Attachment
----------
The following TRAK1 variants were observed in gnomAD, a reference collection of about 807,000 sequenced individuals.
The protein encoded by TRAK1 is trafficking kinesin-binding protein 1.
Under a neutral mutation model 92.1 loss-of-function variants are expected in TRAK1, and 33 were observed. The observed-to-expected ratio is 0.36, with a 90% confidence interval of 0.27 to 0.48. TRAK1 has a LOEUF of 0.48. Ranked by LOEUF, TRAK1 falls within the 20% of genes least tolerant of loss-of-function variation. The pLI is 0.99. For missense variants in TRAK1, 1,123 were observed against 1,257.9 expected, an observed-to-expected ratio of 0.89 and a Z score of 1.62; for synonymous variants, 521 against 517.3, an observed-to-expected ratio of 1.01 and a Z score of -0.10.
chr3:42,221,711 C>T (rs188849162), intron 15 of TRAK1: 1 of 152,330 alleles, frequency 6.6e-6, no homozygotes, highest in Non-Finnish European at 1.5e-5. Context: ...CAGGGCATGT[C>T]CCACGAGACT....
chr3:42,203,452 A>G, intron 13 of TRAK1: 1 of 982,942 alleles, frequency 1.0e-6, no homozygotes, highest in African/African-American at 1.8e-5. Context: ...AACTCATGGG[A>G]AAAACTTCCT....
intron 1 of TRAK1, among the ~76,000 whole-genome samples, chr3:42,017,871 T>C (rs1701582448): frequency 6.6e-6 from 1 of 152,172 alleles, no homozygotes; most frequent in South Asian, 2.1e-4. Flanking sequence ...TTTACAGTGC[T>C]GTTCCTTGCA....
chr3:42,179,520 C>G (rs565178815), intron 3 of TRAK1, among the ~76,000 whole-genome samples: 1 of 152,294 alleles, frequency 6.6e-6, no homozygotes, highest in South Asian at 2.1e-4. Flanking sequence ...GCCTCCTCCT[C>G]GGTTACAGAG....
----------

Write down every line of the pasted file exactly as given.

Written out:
The following TRAK1 variants were observed in gnomAD, a reference collection of about 807,000 sequenced individuals.
The protein encoded by TRAK1 is trafficking kinesin-binding protein 1.
Under a neutral mutation model 92.1 loss-of-function variants are expected in TRAK1, and 33 were observed. The observed-to-expected ratio is 0.36, with a 90% confidence interval of 0.27 to 0.48. TRAK1 has a LOEUF of 0.48. Ranked by LOEUF, TRAK1 falls within the 20% of genes least tolerant of loss-of-function variation. The pLI is 0.99. For missense variants in TRAK1, 1,123 were observed against 1,257.9 expected, an observed-to-expected ratio of 0.89 and a Z score of 1.62; for synonymous variants, 521 against 517.3, an observed-to-expected ratio of 1.01 and a Z score of -0.10.
chr3:42,221,711 C>T (rs188849162), intron 15 of TRAK1: 1 of 152,330 alleles, frequency 6.6e-6, no homozygotes, highest in Non-Finnish European at 1.5e-5. Context: ...CAGGGCATGT[C>T]CCACGAGACT....
chr3:42,203,452 A>G, intron 13 of TRAK1: 1 of 982,942 alleles, frequency 1.0e-6, no homozygotes, highest in African/African-American at 1.8e-5. Context: ...AACTCATGGG[A>G]AAAACTTCCT....
intron 1 of TRAK1, among the ~76,000 whole-genome samples, chr3:42,017,871 T>C (rs1701582448): frequency 6.6e-6 from 1 of 152,172 alleles, no homozygotes; most frequent in South Asian, 2.1e-4. Flanking sequence ...TTTACAGTGC[T>C]GTTCCTTGCA....
chr3:42,179,520 C>G (rs565178815), intron 3 of TRAK1, among the ~76,000 whole-genome samples: 1 of 152,294 alleles, frequency 6.6e-6, no homozygotes, highest in South Asian at 2.1e-4. Flanking sequence ...GCCTCCTCCT[C>G]GGTTACAGAG....